After Victor’s public humiliation Annabel had never heard any of the kids talking about an escape. She herself didn’t want to think about it either. The next day after Victor was punished, he couldn’t walk because his legs hurt. Annabel watched Elijah force him to stand up and go and work as always. She knew she shouldn’t say or do anything while the watcher could hear her or stop her, but when Victor returned to their room, Annabel helped him change the bandages which were soaked with blood. She saw despair in the boy’s blue eyes. She was used to see them bright and gleaming with joy and confidence… For her, that was amazingly stupid and wrong that a thirteen-year-old’s face was pale, his eyes scared, his hands trembling because of pain. But there was nobody to help Victor. Neither Annabel, nor anyone else in the entire mansion.
In a few next days Annabel had changed her job twice, for there always was a lack of capable hands somewhere. While working in the stables, she used to meet Mr. Morr much more often. He belonged to that kind of tyrants who are ruthless with human beings, but kind and loving with their pets. He adored his beautiful horses and used to visit them every day. Once Annabel heard some noise in the livery yard. There were voices of Mr. Morr and his best stableman, Gregfield, – they both were watching jockeys riding a few horses Mr. Morr considered his favorites. Annabel peered outside the stables’ building where she had to clean up and saw the greatest stallion that ever lived. It was entirely black with deep blue glow on its hair, high and strong, so elegant, so massive and noble in its pace.
“My royal boy!” Mr. Morr declared with pride. “For all Heaven’s sake, he’s shining like a real diamond!”
Annabel noticed that, too. The horse’s fur was gleaming like cleaned jewel’s surface, carefully and properly polished. She wondered who could do such a good job, though she had been jealous already – she knew Mr. Morr loved when his horses shined, and whoever had done that to the black stallion, he would be rewarded.
“Whose work is it, Gregfield?” asked Mr. Morr, turning to the stableman.
“That boy’s name’s Billiam, if I remembered right,” said Gregfield in his rough, lazy voice.
“Find him and bring him here,” Mr. Morr ordered.
“No need in searching, sir,” Gregfield nodded to where a little boy was pulling a cart with fresh grass into the yard. “Hey, Billiam! or whoever you are… ” The boy stopped and turned to the sound of his name. Annabel couldn’t help herself and rose her eyebrow skeptically. Billiam was eight or nine, but how did he manage to polish such a big horse? “Come here, boy!”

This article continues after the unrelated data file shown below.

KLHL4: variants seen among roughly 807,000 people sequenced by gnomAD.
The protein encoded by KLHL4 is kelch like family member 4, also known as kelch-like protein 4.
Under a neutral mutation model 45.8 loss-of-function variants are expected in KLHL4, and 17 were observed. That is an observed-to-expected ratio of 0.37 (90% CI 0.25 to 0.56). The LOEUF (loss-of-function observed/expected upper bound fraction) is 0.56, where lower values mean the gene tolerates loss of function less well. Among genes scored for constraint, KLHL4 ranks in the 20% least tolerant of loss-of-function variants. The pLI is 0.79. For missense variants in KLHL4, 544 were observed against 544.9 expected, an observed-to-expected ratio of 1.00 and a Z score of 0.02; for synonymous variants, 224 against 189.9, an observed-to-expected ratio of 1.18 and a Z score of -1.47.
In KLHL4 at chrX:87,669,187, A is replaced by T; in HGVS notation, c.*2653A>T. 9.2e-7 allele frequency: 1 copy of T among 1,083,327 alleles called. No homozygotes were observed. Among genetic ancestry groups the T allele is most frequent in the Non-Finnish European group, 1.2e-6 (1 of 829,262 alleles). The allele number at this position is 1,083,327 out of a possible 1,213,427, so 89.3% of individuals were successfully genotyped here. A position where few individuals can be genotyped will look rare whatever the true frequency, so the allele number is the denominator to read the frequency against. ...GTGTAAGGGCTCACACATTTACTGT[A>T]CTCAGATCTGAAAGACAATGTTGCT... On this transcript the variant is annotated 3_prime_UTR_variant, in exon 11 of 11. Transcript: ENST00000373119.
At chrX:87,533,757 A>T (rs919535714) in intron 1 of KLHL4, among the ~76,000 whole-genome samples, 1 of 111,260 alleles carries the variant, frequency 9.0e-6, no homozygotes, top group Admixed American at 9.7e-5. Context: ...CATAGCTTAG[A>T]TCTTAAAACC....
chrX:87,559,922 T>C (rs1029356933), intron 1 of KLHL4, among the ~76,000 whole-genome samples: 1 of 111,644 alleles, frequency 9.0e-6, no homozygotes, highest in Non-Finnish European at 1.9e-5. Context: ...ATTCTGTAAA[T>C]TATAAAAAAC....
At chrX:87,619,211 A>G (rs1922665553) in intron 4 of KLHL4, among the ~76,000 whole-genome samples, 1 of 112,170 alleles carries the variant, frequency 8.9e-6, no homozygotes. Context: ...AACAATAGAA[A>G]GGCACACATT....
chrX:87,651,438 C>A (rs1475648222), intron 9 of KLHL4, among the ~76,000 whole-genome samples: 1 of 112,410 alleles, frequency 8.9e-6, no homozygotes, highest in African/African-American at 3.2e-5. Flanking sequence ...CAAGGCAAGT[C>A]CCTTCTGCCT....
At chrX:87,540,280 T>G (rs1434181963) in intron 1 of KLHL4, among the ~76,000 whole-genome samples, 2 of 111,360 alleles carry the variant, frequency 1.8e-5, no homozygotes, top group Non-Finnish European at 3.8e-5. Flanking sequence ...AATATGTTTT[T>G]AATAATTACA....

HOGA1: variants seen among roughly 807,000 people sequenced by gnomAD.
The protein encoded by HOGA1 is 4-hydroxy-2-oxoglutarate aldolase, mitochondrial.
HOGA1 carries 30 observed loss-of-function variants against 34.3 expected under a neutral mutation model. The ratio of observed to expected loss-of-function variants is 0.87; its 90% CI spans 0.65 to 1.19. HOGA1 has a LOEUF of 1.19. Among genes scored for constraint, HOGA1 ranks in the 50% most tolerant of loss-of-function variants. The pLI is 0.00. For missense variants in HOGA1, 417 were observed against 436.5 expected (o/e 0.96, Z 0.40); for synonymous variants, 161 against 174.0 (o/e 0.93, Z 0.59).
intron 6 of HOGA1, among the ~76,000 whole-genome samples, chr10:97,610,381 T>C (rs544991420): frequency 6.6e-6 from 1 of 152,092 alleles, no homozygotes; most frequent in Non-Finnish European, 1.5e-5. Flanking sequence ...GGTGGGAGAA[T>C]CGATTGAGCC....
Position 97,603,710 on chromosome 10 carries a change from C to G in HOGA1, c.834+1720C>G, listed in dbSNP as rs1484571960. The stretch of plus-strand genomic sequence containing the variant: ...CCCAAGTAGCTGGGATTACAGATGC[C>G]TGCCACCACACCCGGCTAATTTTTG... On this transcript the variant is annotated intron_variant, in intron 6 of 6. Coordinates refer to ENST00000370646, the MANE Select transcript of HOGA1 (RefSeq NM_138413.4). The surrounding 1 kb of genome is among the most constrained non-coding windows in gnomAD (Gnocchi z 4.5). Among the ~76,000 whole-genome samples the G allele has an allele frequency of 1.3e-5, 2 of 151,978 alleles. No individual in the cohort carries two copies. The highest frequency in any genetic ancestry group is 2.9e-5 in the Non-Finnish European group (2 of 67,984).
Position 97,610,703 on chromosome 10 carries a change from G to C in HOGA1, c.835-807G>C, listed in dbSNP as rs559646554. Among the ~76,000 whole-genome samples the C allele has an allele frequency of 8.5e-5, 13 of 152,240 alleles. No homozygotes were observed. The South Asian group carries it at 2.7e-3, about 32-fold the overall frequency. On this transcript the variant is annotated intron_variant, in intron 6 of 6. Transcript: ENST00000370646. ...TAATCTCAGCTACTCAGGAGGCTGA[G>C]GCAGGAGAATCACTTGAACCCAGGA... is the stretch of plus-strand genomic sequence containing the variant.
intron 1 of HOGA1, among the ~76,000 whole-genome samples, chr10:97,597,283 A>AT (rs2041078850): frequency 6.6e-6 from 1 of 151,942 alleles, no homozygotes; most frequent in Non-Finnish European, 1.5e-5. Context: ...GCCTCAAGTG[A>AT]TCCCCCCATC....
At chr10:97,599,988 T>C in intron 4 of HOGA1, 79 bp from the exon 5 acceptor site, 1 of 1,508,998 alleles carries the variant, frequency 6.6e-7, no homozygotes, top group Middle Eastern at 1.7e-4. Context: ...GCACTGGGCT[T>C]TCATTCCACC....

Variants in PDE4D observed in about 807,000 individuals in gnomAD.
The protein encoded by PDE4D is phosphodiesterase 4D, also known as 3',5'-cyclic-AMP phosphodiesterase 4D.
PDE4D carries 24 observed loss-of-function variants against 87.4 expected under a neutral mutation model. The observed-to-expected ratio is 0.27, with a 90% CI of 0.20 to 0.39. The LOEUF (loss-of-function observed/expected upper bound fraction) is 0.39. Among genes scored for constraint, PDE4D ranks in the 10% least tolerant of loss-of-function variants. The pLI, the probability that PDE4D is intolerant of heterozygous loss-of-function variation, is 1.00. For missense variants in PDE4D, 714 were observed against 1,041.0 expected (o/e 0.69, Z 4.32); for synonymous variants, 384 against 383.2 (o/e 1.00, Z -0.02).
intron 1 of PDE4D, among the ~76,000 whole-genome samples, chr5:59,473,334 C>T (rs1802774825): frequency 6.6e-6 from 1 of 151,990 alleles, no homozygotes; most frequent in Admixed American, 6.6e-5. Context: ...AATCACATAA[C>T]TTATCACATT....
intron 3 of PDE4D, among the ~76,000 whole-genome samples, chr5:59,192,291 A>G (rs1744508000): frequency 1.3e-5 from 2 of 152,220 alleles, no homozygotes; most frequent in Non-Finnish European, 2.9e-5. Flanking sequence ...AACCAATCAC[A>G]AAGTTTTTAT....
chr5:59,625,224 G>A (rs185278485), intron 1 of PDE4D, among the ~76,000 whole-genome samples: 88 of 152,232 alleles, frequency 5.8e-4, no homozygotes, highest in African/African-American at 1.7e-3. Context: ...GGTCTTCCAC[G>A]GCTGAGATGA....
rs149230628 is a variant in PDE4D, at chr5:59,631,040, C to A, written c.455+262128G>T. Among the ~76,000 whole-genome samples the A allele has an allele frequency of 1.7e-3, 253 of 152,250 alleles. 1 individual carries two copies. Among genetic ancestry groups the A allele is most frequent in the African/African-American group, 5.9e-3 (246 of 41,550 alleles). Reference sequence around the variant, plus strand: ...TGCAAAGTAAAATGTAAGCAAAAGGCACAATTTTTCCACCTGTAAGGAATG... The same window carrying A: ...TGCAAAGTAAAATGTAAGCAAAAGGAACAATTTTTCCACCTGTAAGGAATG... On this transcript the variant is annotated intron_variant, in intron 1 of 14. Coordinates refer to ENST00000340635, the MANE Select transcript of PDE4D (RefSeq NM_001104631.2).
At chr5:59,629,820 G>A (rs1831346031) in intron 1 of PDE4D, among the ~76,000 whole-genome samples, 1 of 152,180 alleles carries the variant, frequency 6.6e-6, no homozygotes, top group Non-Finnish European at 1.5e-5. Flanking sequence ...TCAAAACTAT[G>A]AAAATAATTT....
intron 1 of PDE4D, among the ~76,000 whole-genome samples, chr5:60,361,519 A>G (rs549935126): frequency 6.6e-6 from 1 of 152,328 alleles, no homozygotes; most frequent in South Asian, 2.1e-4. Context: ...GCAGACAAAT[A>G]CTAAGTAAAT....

Billiam left the cart and made a few uncertain steps. “Come, come,” Mr. Morr encouraged him by waving his hand and smiling. The boy was scared by the unexpected order, for it could bring him some awful news, as well as something good.
“I like when children do their job properly,” said Mr. Morr. “Who did tell you to take care of Diamond’s hair, boy?”
Billiam shied a bit and looked down at his toes.
“No one,” he answered, but in a second glimpsed at Gregfield and added, “sir.”
“It was your will?”
“Good, very good, Billiam. Elijah!” Mr. Morr turned his face to where Elijah was walking among a few children and giving them orders. The watcher ran to his master across the yard. “I want you to give this fellow a double dinner today and a good blanket,” he nodded at Billiam who was shining like sun, his face lightened with happiness and alacrity. Annabel thought he’d do everything Mr. Morr would tell him right away.
“I’ll do it, sir, be sure,” said Elijah, as cold and confident as always. It seemed like he never minded the reason of why his master was so kind to a random kid.
“Ah, by the way,” said Mr. Morr when dismissed Elijah and Billiam, “have you send that nice fellow to the marketplace as I told you Gregfield?”
Annabel turned away to go finish her task and threw a glance at Mr. Morr over her shoulder. She was still listening.
“Yes, I did, sir,” Gregfield replied, and added hastily, “but I strongly doubt he’s clever enough to choose a good saddle for a horse.”
“And I don’t doubt it. He’s a very good worker, he’s worth a chance to try. We should reward those who work hard, you know that,” Mr. Morr started to leave, but stopped for a second and said quietly, so Annabel barely could hear him, and shivered when she recognized his words, “And by the way, Gregfield, shut up and never tell me your super-valuable opinion unless I ask you.”
Gregfield was taken back. He stood there for a half of a minute, then hurried after his master, and they both disappeared in the house.
Now that was clear for Annabel. The only thing you had to do in this house is to work hard and be silent. If you were a hard worker, you could get a chance to leave the mansion, at least because Mr. Morr would want you to do some extra job. To leave! You can run if you catch a moment. Everything spinned around Annabel, she almost fell down, for her mind got overwhelmed all of a sudden. She couldn’t believe what she’d comprehended. Well, get yourself together now. You’ll do it, because you’re smart. Get over that you’ll have to spend a lot of time on it, and begin.
Begin this very second.